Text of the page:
Mud Fever is the enemy of horse owners in winter, with wet and cold conditions plus the constant wetting and drying of the horse’s skin, it’s not long until the infection takes control.
The first mistake many horse owners make is assuming that Mud Fever is a singular disease that only shows in one form. In reality, this nasty disease can come in multiple forms and has a wide array of side effects.
What is Mud Fever?
Properly called pastern dermatitis or sometimes referred to as cracked heels or greasy heels, Mud Fever is caused by an infectious agent called dermatophilus congolensis, which thrives in muddy wet conditions and can cause issues ranging from mild skin irritation to very painful infected sores, and can in some cases cause significant swelling with severe lameness.
Sometimes the itchiness causes horses to scratch away the skin barrier in affected areas, leaving open wounds that are susceptible to other harmful bacteria and diseases.
Infection can stay dormant in the skin, becoming active when the skin is compromised, usually by prolonged wetting.
The condition affects the lower limb, most commonly the back of the pastern. It starts off as matted hair with dry scabby crusts, caused by the infection of inflamed skin.
Causes of mud fever
If the skin is injured in anyway or damaged by a cut, wound, bite, harness sore or through prolonged wetting — the balance between host and organism is disturbed. The organism enters the horse’s body through the broken skin and multiplies in the damp, warm epidermal layers, starting an active infection causing the mud fever.
There are a few more known causes, listed below:
Prolonged damp, wet and then mild conditions
Standing deep in mud, water or soiled conditions.
Some opinions are that actually constantly washing the mud off limbs/legs before and/or after work or after turn out to remove dirt without fully drying them afterwards can cause the disease.
Generally unhealthy skin.
Poor immune system, if the horse is unwell and the body cannot fight infection.
Horses with white limbs (socks) are said to be more prone with the pink skin being more prone.
How can you stop Mud Fever from becoming an issue?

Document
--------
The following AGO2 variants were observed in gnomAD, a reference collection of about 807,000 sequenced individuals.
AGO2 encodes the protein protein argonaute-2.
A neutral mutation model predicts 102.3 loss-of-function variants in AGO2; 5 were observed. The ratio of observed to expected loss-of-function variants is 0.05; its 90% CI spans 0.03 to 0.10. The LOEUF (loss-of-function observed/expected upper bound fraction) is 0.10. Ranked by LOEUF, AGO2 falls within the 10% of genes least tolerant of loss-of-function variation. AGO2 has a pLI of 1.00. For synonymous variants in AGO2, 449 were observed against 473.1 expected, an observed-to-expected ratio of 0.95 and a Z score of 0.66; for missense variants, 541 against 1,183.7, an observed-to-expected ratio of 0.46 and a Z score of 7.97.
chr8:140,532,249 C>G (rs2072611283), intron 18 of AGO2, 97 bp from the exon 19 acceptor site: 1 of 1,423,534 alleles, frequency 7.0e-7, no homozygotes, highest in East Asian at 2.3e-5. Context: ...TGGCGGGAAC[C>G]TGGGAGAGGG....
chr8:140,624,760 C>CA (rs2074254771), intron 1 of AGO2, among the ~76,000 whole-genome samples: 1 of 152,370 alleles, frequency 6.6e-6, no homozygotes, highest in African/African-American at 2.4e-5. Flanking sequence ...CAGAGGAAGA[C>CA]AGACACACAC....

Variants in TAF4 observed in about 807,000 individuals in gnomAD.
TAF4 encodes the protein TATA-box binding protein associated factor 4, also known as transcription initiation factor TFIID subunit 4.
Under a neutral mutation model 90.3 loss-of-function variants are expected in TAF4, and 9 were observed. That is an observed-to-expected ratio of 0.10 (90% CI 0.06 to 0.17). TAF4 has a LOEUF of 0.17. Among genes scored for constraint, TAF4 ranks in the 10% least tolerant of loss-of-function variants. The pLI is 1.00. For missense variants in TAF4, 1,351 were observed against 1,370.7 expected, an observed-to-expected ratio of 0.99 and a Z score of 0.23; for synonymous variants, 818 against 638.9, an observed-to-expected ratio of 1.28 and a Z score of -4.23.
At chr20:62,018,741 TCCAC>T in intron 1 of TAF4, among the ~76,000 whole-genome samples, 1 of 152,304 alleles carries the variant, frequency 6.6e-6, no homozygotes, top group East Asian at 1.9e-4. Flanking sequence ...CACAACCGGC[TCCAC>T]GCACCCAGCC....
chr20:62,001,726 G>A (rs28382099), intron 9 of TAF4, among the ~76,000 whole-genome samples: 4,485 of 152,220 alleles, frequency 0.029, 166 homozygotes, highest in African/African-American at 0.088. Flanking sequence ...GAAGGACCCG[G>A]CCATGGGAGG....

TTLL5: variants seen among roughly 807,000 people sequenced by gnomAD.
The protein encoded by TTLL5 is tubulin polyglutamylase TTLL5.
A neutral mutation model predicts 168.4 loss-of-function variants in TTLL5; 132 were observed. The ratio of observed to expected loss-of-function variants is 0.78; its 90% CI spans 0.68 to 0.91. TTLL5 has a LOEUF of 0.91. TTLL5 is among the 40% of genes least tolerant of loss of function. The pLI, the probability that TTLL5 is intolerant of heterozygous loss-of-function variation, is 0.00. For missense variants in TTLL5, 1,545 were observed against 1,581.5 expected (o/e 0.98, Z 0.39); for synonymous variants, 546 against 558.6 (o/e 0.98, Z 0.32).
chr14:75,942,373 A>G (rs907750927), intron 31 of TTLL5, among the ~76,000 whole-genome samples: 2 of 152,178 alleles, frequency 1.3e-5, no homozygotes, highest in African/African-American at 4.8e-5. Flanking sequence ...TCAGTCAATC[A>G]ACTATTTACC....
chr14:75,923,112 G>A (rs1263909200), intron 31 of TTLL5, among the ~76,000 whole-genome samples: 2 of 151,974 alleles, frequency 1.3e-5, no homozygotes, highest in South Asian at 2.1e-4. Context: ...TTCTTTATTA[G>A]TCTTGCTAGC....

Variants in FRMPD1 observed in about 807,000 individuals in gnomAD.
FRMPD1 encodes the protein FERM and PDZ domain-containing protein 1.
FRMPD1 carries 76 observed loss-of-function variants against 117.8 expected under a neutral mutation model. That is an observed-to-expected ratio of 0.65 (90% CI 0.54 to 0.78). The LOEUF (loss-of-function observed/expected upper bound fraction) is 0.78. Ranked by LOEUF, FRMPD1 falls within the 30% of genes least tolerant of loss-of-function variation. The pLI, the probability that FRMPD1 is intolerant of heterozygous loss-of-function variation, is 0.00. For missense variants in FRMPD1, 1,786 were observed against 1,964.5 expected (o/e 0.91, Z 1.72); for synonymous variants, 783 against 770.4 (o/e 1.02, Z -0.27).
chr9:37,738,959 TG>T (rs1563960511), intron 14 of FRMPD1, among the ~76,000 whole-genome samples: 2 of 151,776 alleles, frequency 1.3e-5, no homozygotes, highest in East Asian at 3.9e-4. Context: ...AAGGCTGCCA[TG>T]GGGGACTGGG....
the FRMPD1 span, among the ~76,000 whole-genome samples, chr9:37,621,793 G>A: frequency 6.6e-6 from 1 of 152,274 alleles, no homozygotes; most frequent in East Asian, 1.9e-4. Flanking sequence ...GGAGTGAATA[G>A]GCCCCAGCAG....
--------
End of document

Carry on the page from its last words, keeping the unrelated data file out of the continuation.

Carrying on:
Ensuring you effectively dry your horses limbs with clean towels after exercise or bathing is the most simple yet effective way to control Mud Fever.
Overwashing of the limbs can actually be detrimental to your horses health as it offsets the moisture balance of the skin, making the skin more hospitable for dermatophilus congolensis.
Keep a close eye on your horses skin condition as the sooner you spot signs of Mud Fever, the easier it will be to treat.
If you have any particularly muddy or wet patches in your paddock, be sure to fence them off to stop your horse standing in them and potentially exposing themselves to the disease.
You can apply barrier on the limbs to prevent water or moisture getting to the skin but when choosing barriers, consider topical barrier creams (usually produced in an oily base) such as tea tree oil, sulphur, MSM, aloe vera, honey with vitamin E and calendula.
How can you cure Mud Fever?
Once your horse has mud fever it can be a nightmare trying to control it and completely get rid of the disease but there are options to consider.
You can buy supplements to put in your horses feed such as Global Herbs Mud X that will help fight the infection internally.
Echinacea is a good natural herb to help strengthen the immune system.
Marigold (Calendula) is also a good natural herb with many blood cleansing properties.
Bandaging the affected limbs can be a good way of keeping it clean and dry, but only if the skin has been properly prepared beforehand and the correct bandaging technique is used. Bandaging that is too tight or has moisture trapped underneath can encourage an infection to flare up again, so only bandage if you feel it can be done correctly.
Washing the legs with anti-bacterial washes such as Barrier Anti-Bacterial Skin Spray to treat wounds and stop them from getting infected.
Once the infection has been eradicated it is imperative to keep on protecting the area until the new skin and hair has formed so that re infection does not occur.
In extreme cases of mud fever where the bacteria penetrate deep into the skin, the leg may become swollen and a course of antibiotics may be required from the vet.
If in doubt about your horse’s health then consult your vet.